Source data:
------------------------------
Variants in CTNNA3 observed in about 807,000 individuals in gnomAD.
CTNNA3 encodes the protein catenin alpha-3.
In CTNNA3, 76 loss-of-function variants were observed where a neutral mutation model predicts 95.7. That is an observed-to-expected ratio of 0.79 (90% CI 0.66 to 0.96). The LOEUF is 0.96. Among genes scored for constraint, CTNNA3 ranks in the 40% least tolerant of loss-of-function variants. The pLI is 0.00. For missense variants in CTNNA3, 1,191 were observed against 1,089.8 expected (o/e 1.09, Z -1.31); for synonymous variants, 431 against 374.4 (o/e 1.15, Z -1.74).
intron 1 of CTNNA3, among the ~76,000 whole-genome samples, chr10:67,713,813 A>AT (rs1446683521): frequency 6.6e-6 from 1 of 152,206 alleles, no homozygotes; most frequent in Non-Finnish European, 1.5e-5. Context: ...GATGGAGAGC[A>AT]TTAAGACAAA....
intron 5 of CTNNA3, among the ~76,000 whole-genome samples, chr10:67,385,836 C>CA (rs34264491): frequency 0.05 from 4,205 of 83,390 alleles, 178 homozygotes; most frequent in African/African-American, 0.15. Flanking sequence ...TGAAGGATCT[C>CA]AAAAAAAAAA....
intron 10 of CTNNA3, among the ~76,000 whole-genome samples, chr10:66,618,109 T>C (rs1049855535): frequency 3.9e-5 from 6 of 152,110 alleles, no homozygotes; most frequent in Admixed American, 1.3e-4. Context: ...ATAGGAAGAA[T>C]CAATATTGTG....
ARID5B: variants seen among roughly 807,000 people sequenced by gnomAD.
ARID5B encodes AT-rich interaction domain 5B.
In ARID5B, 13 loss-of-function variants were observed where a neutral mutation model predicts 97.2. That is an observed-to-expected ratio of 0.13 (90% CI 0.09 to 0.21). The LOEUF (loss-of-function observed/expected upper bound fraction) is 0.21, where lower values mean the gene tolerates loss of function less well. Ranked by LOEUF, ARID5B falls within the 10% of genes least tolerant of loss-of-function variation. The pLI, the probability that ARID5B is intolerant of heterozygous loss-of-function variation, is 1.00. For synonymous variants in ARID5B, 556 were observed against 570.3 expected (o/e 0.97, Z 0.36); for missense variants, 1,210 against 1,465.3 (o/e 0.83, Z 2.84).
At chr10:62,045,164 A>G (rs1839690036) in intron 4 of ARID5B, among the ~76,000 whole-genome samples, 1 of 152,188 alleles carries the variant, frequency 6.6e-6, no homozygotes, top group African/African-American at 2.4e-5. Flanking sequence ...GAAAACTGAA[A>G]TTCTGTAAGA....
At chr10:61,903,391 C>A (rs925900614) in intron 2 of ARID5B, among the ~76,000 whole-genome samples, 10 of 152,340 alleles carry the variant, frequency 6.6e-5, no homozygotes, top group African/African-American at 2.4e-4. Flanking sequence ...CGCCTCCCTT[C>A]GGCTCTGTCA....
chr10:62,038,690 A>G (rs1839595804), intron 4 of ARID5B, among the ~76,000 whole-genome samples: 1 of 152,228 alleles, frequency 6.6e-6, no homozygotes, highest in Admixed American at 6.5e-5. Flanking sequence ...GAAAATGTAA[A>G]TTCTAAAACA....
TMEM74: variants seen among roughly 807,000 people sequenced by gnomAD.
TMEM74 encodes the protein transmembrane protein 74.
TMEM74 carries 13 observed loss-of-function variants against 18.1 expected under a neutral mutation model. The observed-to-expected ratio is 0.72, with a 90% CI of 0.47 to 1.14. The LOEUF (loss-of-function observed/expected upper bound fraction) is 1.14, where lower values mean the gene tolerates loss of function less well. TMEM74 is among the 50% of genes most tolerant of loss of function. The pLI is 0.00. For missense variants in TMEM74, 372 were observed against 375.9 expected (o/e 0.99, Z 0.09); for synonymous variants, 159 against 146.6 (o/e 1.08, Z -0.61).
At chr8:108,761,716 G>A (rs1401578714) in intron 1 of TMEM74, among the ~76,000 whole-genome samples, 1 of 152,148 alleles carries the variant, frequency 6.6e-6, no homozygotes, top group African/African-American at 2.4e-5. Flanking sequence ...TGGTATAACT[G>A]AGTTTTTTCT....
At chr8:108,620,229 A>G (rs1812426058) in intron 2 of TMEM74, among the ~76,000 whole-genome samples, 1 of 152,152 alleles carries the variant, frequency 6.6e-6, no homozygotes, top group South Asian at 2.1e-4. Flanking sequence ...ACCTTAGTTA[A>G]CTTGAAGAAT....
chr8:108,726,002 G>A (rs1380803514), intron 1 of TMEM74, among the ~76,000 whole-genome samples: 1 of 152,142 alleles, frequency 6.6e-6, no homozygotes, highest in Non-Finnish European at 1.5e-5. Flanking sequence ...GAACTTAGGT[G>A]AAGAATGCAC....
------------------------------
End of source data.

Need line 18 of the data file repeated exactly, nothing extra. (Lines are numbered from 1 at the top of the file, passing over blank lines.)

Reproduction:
chr8:108,726,002 G>A (rs1380803514), intron 1 of TMEM74, among the ~76,000 whole-genome samples: 1 of 152,142 alleles, frequency 6.6e-6, no homozygotes, highest in Non-Finnish European at 1.5e-5. Flanking sequence ...GAACTTAGGT[G>A]AAGAATGCAC....